Microsoft has been releasing regularly test builds of Windows Server to Insider testers. But until Aug. 26, Microsoft has not shared any information publicly about what has been in those recent test builds.
Yesterday, Microsoft announced a new “vNext” preview build of Windows Server, build number 20201. In addition to listing a slew of features included in this test build, Microsoft officials also said in the blog post about it that this is a new build of the next Windows Server Long-Term Servicing Channel (LTSC) release.
LTSC releases of Windows happen every few years. The most recent Windows 10 client and server releases designated as LTSC were Windows 10 Enterprise LTSC 2019 (released alongside Windows 101809) and Windows Server 2019.
Windows 10/Windows Server LTSC releases are long-term supported versions of Windows released every two to three years. These releases get security updates for 10 years and don’t receive feature updates by design. Microsoft has advocated that customers use the LTSC releases sparingly — for mission-critical applications only — and not for everyday use as a way to avoid updates. (Some customers do use them to avoid updates, however.)
Microsoft officials said earlier this summer that the next version of Windows 10 Enterprise LTSC will be available “toward the end of 2021.” (Thanks for the link, @getwired.) Because Microsoft usually times the releases of new versions of Windows 10 client and Server to arrive together, I’m taking this as meaning the current Windows Server test builds are for Windows Server 2022 — my guess at the name Microsoft will give this product.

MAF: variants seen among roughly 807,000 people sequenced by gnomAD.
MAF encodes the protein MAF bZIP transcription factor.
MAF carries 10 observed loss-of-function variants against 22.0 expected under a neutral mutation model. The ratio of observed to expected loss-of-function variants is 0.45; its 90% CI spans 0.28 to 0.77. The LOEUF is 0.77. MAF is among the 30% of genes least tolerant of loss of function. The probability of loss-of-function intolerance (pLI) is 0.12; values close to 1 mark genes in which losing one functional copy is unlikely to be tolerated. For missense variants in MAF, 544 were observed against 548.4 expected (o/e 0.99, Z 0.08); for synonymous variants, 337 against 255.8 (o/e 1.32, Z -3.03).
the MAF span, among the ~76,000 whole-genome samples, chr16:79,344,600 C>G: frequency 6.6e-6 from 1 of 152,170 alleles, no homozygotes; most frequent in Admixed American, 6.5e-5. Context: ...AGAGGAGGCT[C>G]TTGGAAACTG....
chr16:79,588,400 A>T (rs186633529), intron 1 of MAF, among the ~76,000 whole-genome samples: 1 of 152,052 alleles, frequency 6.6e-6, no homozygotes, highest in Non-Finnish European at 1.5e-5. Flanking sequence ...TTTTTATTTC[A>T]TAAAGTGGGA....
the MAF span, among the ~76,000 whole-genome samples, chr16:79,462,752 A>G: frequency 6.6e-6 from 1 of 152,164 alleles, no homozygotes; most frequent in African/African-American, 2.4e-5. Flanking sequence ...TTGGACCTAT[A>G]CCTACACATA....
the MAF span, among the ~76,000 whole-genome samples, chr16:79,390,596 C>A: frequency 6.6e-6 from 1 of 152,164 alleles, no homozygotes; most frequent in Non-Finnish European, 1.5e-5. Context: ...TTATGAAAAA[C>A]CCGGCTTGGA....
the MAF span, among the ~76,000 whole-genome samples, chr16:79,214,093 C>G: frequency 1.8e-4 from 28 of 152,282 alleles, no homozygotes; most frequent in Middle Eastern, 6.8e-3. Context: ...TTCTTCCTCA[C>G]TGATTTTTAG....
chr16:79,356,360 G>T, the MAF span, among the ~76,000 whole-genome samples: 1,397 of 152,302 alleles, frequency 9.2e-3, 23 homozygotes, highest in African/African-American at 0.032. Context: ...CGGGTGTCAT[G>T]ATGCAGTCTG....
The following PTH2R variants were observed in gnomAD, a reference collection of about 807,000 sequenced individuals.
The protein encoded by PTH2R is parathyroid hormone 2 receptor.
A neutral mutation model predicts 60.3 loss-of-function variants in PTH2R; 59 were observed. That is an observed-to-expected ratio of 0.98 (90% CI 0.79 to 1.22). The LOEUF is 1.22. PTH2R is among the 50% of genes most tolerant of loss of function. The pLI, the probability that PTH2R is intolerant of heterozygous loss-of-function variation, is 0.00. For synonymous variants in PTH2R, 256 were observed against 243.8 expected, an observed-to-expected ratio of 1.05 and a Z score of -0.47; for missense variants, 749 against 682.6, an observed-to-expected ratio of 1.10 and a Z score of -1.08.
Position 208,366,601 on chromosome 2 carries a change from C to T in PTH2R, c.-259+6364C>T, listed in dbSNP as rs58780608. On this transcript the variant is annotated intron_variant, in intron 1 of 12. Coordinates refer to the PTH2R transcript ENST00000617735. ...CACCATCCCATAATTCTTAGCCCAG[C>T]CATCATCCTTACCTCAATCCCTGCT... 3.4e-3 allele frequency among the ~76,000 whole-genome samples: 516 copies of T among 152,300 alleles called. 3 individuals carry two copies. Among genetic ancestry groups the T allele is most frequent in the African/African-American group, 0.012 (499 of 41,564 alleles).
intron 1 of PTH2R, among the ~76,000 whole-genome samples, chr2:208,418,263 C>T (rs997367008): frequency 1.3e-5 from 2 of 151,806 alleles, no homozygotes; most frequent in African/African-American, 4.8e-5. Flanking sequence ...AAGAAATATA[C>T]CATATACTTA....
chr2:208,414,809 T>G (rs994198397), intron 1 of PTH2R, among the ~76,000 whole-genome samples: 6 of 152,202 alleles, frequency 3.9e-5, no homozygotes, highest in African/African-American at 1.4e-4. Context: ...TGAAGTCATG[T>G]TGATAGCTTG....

Update: I’m hearing that Microsoft has decided that the client and Server LTSC releases may not happen together next year, after all. Server LTSC ‘Next’ is on track for a 21H2 release, but the Windows 10 Enterprise LTSC ‘Next’ client won’t happen at the same time.
Microsoft officials have said features being tested by Windows Insiders in the Dev Channel (the former Fast Ring) are not tied to a specific feature update anymore. I’ve reported previously that my sources have said there may not be a Windows 10 21H1 release; Microsoft may only release a 21H2 Windows 10 feature update (possibly alongside a Windows 10X release in the spring of 21H1).
Windows Server test build 20201 contains both the Desktop Experience and Server Core installation options for Datacenter and Standard editions. For a list of the features in the new Windows Server 20201 test build, check out Microsoft’s post.